FBH research: 29.08.2019

Stress experiments with UV LEDs suggest Auger recombination to contribute to device degradation

Measurement setup
Fig. 1: Measurement setup which enables automated operation and characterization of UV LEDs at different conditions.
Optical power over time of 310 nm LEDs
Fig. 2: Optical power over time of 310 nm LEDs run at different current densities. The solid lines correspond to the derived mathematical model.
Optical power of 310 nm LEDs
Fig. 3: Optical power of 310 nm LEDs run at different current densities versus the product of operation time and cube of current density.

AlGaN-based ultraviolet light-emitting diodes (UV LEDs) with emission wavelengths below 320 nm are promising candidates for a variety of applications such as plant growth lighting, phototherapy, sensing, or sterilization. Currently, the lifetime of those deep-UV devices is still far shorter than that of LEDs emitting in the UVA and blue spectral regions – their optical power typically decreases faster over operation time. As a result, the applicability is limited. Understanding the various degradation processes taking place in the LED during operation is therefore essential to overcome this lifetime issue. These processes may be affected differently by stress parameters such as temperature and current. These parameters must therefore be examined independently to distinguish their effects.

To draw conclusions on possible current-induced degradation processes a new approach was followed. The strategy involves that the temperature of the pn-junction is kept constant for different DC operation currents. In particular, groups of nominally identical 310 nm UV LEDs were operated for 1000 h at different nominal current densities between 34 to 201 A∕cm2 (Fig. 1), measuring the optical power reduction throughout the experiment (Fig. 2). Different junction temperatures due to Joule heating at higher currents were prevented by adjusting the heatsink temperature for each current density.

Qualitatively, the experiment reveals that higher current densities strongly accelerate the optical power reduction during operation (Fig. 2). Moreover, a mathematical model was derived which enables to describe the degradation data at different current densities as well as to predict lifetime. Therefore it can be used for accelerated device testing. The model additionally leads to the main conclusion that the lifetime is inversely proportional to the cube of the current density. This relation can be clearly seen when the relative optical power is plotted versus the product of operation time and cube of current density (Fig. 3). Then, the curve progressions are nearly identical, leading to the conclusion that degradation originates from the same process. Its rate is, depending on current density, higher or lower. Similar results were obtained for 265 nm LEDs, indicating that this degradation process may be generally relevant for UV LEDs.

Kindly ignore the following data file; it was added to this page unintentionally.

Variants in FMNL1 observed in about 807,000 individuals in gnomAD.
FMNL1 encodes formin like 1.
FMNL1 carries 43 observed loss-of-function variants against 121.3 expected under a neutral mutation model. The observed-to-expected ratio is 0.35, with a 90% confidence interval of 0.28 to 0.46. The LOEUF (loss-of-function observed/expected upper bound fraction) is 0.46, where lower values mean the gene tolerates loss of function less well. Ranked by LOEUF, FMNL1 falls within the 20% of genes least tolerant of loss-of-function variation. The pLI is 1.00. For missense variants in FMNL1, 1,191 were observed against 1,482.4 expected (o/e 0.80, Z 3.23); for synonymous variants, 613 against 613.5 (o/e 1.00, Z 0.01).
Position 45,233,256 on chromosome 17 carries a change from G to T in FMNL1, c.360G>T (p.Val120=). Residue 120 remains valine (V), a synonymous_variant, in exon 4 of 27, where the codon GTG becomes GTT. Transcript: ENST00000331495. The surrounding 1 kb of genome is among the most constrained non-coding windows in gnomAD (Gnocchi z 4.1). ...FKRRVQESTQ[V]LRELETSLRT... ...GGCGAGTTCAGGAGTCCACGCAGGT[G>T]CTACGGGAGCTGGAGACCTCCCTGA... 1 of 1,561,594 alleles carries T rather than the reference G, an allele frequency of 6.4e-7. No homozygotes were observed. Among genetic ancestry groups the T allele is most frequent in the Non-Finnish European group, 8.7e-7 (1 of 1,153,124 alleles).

In a first approximation, assuming the injection efficiency remains constant, the density of carriers in the active region is proportional to the current density. Since the Auger rate is proportional to the cube of carrier density, it is reasonable to suggest that Auger recombination is the decisive degradation process. The product of operation time and cubic current density can therefore be interpreted as a number of Auger recombination events leading to a particular reduction in optical power (Fig. 3). Consequently, adjusting the carrier distribution in the active region, e.g., by increasing the number of QWs or of the active area, might be a promising approach to improve lifetime.

This research was funded by the Bundesministerium für Bildung und Forschung (BMBF) (Advanced UV for Life, 03ZZ0130A); Deutsche Forschungsgemeinschaft (DFG) (CRC787).


J. Ruschel, J. Glaab, B. Beidoun, N. Lobo Ploch, J. Rass, T. Kolbe, A. Knauer, M. Weyers, S. Einfeldt, and M. Kneissl, „Current-induced degradation and lifetime prediction of 310 nm ultraviolet light-emitting diodes“, Photonics Res., vol. 7, no. 7, pp. B36-B40 (2019).